Future uncertain for roll-your-own cigarette industry
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The near future is uncertain for tobacco shops across the nation as a new transportation bill heads to President Obama’s desk.
An amendment to the bill passed by Congress Friday will require tobacco shops with roll-your-own cigarette machines to be licensed as cigarette manufacturers and pay increased taxes.
Here in Austin, John Charlton, owner of Rock Bottom Smokes in Northwest Austin, said Friday’s vote will essentially shut down roll-your-own cigarette shops across the country, including his.
His finger is pointed squarely at corporate lobbying.
“Big tobacco squashed us,” the small business owner said. "We have to restructure now and figure out what viable business we can do without our machines."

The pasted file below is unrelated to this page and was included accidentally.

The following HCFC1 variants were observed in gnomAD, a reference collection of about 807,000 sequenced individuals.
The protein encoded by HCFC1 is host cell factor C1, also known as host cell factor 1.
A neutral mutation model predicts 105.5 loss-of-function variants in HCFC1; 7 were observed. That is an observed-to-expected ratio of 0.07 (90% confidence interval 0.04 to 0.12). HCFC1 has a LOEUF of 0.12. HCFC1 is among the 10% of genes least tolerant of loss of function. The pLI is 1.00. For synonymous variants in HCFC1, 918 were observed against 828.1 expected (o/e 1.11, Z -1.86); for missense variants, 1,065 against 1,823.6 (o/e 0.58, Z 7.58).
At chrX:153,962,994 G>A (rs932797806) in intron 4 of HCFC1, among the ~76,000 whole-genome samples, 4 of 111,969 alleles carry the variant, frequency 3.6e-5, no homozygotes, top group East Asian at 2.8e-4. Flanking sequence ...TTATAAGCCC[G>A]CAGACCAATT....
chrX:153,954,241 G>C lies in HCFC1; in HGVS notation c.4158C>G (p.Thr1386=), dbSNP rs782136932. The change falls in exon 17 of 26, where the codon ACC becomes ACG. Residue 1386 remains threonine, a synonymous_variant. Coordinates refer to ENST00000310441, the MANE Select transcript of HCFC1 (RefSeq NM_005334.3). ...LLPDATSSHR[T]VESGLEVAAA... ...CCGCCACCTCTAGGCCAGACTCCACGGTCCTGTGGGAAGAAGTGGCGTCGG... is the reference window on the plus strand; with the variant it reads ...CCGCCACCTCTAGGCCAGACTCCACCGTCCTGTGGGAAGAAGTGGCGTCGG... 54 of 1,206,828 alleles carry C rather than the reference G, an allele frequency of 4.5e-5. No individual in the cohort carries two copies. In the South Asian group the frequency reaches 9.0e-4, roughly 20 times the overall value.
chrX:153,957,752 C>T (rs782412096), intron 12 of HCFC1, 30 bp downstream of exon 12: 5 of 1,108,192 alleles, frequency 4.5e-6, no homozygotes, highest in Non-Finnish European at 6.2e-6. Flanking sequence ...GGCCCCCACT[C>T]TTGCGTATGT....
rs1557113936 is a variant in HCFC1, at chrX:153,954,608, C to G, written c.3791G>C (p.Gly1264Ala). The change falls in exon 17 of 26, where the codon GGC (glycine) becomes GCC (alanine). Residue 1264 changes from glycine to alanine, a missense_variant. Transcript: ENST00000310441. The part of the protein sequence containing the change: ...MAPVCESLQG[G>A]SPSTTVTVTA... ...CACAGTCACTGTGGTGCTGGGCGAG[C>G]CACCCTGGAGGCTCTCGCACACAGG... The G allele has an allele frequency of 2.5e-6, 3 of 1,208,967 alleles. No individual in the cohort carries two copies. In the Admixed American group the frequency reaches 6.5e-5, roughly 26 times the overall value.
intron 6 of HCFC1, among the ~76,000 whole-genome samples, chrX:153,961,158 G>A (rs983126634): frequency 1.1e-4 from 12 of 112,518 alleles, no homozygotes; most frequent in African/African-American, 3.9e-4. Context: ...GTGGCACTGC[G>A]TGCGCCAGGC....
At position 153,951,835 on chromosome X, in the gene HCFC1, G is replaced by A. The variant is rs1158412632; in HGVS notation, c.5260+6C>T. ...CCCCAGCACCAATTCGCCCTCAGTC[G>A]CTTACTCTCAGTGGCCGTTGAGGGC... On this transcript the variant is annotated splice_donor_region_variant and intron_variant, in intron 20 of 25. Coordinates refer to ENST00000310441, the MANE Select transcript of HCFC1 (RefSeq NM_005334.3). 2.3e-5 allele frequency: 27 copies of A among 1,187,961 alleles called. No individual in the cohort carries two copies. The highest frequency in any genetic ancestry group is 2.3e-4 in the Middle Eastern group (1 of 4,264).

But in the roll-your-own industry, the machines are everything.
While a typical smoker spends between 40 and 50 dollars on a carton of cigarettes, Charlton’s customers can purchase all of the ingredients and materials to produce a comparable amount of cigarettes for about $36. They then use the rolling machines to assemble their custom smokes.
Charlton argues that roll-your-own shops provide the smoker with more than simply an avenue to acquire cigarettes on the cheap. He says the tobacco they offer at the shop is additive free and healthier for the smoker and gives the smoker control of the product.
And at Charlton’s shop Saturday morning, his dedicated customer base, one which appreciates the cost and health advantage, packed in, making sure they got at least one more carton of smokes just the way they like them.
The bill is expected to be officially signed into effect by President Obama by the end of the week. Charlton said he will stay in business as long as he can.